WASHINGTON — A U.S.-China apparel and textile trade accord remained out of reach after three days of negotiations here, although progress was made and the two sides will meet again next month.
The talks to regulate Chinese imports, which ended Wednesday night, made headway on what kinds of apparel and textile imports would be covered and how much those imports could grow. No specifics were given.
“Our preference is to seek a longer-term solution that will permit the orderly development of textile and apparel trade,” David Spooner, special textile negotiator in the U.S. Trade Representative’s office, said in a statement. “But the United States will have no hesitation in walking away from a bad deal.”
The length of any agreement hasn’t been determined — the U.S. has pushed for the close of 2008 and China is looking for 2007 — nor has it been settled if safeguard quotas might still be imposed on goods not covered by the arrangement.
Safeguard quotas, which China agreed to when it joined the World Trade Organization, can be renewed through 2008 and were intended as a method of controlling import surges after a wider system of quotas was eliminated in January.
The Bush administration invoked the special safeguard provision twice this year, holding $1.9 billion worth of Chinese imports to 7.5 percent growth. The U.S. textile industry wants the flexibility for imposition of broad restrictions on Chinese imports.
Bush administration decisions on 23 safeguard petitions, from renewing the cotton trouser safeguard to unrestricted categories such as cotton and man-made fiber dressing gowns, are due at various times through January.
“If China is not willing to include all of these products in a comprehensive agreement, we would urge the U.S. government to impose safeguards on any categories where safeguard petitions have been filed, but were not covered by the deal,” Karl Spilhaus, president of the National Textile Association, said in a statement.
Trade specialists said the progress made was substantial enough to justify the next round of talks, likely to be in Beijing.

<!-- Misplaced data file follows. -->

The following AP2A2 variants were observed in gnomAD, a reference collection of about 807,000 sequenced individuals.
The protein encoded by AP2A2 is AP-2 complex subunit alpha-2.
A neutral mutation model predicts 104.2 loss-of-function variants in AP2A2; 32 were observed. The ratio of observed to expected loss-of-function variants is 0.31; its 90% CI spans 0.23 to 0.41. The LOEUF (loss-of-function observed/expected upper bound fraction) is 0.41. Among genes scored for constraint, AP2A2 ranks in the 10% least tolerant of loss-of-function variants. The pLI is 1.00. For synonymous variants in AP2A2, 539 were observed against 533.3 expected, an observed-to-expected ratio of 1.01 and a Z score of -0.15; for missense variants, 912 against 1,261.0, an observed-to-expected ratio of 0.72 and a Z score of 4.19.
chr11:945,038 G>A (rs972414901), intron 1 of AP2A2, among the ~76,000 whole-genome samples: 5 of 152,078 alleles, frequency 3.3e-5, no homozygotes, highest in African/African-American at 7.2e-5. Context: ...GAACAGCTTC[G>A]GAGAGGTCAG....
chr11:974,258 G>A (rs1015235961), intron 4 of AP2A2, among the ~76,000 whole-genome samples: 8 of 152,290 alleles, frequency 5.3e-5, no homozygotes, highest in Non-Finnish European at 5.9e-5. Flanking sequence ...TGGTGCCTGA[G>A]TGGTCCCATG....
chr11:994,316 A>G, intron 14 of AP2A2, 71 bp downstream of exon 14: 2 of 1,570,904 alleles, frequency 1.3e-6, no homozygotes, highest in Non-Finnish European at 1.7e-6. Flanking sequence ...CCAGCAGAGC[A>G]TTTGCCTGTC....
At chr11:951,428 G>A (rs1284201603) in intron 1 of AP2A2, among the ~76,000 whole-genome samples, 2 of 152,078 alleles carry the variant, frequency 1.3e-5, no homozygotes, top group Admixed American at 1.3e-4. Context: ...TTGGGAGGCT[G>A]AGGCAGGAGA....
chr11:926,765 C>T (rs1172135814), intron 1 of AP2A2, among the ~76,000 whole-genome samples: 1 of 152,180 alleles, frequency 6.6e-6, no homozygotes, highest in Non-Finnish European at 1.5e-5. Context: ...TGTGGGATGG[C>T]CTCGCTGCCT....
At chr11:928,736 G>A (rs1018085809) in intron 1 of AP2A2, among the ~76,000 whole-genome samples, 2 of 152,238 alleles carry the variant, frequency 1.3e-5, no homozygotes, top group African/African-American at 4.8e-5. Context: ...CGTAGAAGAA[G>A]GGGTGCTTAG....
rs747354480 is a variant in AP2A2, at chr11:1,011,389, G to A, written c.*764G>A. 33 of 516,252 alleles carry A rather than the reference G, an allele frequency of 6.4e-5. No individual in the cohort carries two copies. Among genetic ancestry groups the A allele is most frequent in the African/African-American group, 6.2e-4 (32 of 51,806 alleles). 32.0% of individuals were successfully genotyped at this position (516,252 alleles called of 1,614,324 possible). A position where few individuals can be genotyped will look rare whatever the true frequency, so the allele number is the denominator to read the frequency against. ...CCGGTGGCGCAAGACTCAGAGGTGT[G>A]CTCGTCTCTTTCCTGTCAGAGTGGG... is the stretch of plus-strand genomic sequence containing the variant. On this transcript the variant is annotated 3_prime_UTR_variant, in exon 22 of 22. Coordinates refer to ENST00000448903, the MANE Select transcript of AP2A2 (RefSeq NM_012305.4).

“The Chinese came into this negotiation looking to deal,” said Jonathan Gold, vice president of global supply chain policy for the Retail Industry Leaders Association, which counts chains such as Wal-Mart and Target among its members.
“The fact that the Chinese stuck around for an extra day to actually talk sends a positive signal that they want to get something done, but at the end of the day, the devil is in the details,” Gold said.
Safeguard quotas can fill up unpredictably and catch importers, especially those that pushed orders until the last minute, off guard. Companies selling goods made overseas would prefer unfettered trade, but are for the most part in favor of a deal for the sake of a more stable production environment.
“There is a much greater likelihood that they’re going to conclude this than was the case at the beginning of the week,” said Erik Autor, vice president and international trade counsel for the National Retail Federation, representing Federated Department Stores, Sears and J.C. Penney, among other retailers.
Talks between the U.S. and China have gone through several rounds, including meetings in San Francisco and Beijing. An eventual resolution is not a forgone conclusion, especially since the U.S. can fall back on safeguards and administration officials also have stated they would not sign a “bad deal,” though it is unclear exactly what that would entail.
“A bad deal is basically one they can’t sell on the [Capitol] Hill,” Autor said.
The importing community argues that safeguards do not protect the domestic producers since restricting China only drives orders to other low-cost countries such as India and not back to the U.S. Domestic textile groups have countered that China, through a series of unfair trade practices such as an undervalued currency, has a damaging competitive advantage.